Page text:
Hedge fund manager Daniel Kamensky is facing civil and criminal charges in connection with his role as co-chair of the unsecured creditors committee (UCC) in the Neiman Marcus Chapter 11 bankruptcy proceedings.
On Thursday, the Securities and Exchange Commission (SEC) and the U.S. Attorney’s Office for the Southern District of New York filed parallel lawsuits against Kamensky.
Daniel Kamensky allegedly abused his position
The SEC and Attorney’s Office for the Southern District of New York charged Kamensky with securities fraud, wire fraud, extortion, and obstruction of justice.
Prosecutors alleged that he used his position on the bankruptcy committee to pressure a rival bidder to abandon its higher bid for Neiman Marcus’ securities in the bankruptcy proceeding so that his hedge fund, Marble Ridge Capital could acquire those assets for a lower price.
Kamensky allegedly abused his position on July 31 after learning that Jefferies Financial Group submitted a bid for Neiman Marcus’ Series B shares at a price between $0.30 and $0.40 each. He allegedly contacted the investment bank and threatened to use his position in the UCC to block its bid. He also warned Jefferies that if it will step away, Marble Ridge will stop doing business with the investment bank.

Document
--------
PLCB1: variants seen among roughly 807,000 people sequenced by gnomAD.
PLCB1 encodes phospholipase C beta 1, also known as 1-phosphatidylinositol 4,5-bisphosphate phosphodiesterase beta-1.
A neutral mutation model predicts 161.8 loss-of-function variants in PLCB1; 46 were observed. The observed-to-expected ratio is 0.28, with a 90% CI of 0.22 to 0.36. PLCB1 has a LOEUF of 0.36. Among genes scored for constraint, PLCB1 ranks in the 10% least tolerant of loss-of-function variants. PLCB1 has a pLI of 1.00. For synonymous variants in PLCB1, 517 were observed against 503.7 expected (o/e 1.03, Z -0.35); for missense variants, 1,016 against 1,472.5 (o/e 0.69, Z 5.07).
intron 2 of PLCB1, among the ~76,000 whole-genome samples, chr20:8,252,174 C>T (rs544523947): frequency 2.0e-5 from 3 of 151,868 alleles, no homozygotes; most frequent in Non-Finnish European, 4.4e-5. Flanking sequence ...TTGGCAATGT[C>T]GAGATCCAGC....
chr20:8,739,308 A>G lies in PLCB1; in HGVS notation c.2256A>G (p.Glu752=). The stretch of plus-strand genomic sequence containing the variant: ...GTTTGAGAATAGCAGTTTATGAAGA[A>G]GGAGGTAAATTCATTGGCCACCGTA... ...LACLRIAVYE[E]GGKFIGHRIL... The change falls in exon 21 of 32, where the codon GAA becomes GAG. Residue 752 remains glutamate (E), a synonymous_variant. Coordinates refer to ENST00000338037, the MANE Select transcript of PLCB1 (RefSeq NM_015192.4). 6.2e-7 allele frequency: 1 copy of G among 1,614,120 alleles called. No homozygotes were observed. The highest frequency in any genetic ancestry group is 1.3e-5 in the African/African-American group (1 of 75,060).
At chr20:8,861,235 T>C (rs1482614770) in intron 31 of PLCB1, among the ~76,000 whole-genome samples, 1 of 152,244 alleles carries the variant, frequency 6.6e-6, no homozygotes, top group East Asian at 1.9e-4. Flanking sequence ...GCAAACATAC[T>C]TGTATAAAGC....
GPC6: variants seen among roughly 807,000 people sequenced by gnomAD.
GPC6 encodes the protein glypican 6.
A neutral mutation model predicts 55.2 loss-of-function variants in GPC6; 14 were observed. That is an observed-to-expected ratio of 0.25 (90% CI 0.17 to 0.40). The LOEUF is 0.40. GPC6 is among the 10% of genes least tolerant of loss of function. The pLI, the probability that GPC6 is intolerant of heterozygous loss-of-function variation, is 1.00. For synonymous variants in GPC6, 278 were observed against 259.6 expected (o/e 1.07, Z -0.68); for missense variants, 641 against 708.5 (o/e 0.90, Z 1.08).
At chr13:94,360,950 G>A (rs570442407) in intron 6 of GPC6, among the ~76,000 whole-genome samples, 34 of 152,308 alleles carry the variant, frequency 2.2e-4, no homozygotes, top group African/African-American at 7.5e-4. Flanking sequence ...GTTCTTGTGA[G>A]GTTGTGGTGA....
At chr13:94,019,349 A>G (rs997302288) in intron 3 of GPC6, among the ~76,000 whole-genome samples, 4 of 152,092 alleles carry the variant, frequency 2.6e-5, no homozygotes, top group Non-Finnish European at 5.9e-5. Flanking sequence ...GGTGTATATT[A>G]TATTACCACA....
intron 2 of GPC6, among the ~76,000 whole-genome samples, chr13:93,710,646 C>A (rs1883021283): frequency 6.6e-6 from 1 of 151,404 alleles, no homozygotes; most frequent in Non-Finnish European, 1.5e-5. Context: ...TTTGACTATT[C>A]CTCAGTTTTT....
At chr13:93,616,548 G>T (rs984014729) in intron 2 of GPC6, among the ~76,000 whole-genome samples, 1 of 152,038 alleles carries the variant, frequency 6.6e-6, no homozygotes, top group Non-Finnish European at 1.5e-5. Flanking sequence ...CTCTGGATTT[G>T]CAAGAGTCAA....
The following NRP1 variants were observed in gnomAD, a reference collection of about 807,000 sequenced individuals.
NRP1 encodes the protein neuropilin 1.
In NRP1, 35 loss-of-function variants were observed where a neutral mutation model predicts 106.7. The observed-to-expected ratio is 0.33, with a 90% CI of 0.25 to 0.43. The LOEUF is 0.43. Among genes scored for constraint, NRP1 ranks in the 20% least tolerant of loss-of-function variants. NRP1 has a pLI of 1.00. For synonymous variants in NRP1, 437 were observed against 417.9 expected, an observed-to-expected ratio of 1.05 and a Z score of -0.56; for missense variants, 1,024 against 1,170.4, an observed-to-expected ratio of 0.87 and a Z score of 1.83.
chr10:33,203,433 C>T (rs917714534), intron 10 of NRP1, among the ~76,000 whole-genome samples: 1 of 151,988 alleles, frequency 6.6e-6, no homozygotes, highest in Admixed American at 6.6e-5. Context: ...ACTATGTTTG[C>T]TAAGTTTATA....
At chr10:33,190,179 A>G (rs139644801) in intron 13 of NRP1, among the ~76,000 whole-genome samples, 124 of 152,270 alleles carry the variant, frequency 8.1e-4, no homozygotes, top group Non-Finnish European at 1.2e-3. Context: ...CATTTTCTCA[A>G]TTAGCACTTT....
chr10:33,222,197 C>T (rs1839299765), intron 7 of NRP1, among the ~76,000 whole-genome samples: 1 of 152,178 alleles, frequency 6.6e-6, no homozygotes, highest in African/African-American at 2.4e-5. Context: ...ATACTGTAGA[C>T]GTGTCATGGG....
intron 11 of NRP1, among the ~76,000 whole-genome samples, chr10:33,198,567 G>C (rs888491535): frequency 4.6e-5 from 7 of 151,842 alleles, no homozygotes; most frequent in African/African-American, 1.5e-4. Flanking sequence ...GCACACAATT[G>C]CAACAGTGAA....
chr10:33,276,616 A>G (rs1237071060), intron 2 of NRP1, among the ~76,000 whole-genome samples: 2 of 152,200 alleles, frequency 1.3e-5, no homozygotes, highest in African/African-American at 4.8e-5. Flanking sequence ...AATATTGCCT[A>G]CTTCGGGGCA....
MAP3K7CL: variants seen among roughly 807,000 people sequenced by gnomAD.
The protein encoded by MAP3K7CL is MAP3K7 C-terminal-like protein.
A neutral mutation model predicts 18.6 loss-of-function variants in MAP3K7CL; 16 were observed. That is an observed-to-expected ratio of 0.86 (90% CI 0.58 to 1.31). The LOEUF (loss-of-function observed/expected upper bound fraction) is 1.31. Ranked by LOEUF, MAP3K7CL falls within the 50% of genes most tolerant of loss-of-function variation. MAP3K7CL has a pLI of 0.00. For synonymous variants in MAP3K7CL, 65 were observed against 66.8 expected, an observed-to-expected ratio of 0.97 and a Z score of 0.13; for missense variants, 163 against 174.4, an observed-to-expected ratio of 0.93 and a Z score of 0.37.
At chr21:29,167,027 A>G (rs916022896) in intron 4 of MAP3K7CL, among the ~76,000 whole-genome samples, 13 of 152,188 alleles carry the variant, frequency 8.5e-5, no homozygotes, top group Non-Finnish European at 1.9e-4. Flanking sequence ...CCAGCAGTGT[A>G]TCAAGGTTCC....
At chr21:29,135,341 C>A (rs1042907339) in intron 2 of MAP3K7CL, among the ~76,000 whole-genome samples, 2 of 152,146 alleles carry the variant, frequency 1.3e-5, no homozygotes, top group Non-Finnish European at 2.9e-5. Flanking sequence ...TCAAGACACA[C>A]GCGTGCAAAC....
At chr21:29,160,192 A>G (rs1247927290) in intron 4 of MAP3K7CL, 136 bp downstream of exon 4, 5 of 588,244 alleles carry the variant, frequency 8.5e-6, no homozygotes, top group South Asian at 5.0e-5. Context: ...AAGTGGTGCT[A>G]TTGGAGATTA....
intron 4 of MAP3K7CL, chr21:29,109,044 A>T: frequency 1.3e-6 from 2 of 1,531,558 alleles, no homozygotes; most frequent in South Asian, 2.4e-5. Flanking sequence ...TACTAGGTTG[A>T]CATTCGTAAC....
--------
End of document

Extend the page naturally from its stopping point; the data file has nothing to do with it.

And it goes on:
Jefferies withdrew its bid but reported Kamensky’s misconduct to the UCC. When he learned about it, he tried to convince Jefferies to cover up his scheme.
During an interview with the Office of the United States Trustee, Kamensky said his actions were a “terrible mistake” and “profound errors in lapses of judgment.”
In a statement, SEC Division of Enforcement’s Complex Financial Instruments Unit Chief Daniel Michael said, “Misrepresentations and deceptive conduct have no place in securities offerings,. As alleged, Kamensky abused his position as a fiduciary to the Neiman Marcus unsecured creditors by secretly working against them.”
On the other hand, Acting Manhattan U.S. Attorney Audrey Strauss said: “As alleged, Daniel Kamensky disregarded his fiduciary responsibility to unsecured creditors of Neiman Marcus – and broke the law – when he attempted to coerce a competitor to withdraw a higher bid for assets of the bankruptcy estate.”
“As further alleged, acknowledging the illegality of his actions, Kamensky then attempted to obstruct an investigation by trying to persuade the competitor to change his account of the coercion, telling the competitor that otherwise ‘this is going to the U.S. Attorney’s Office.’ As today’s charges show, Kamensky was right about that.”
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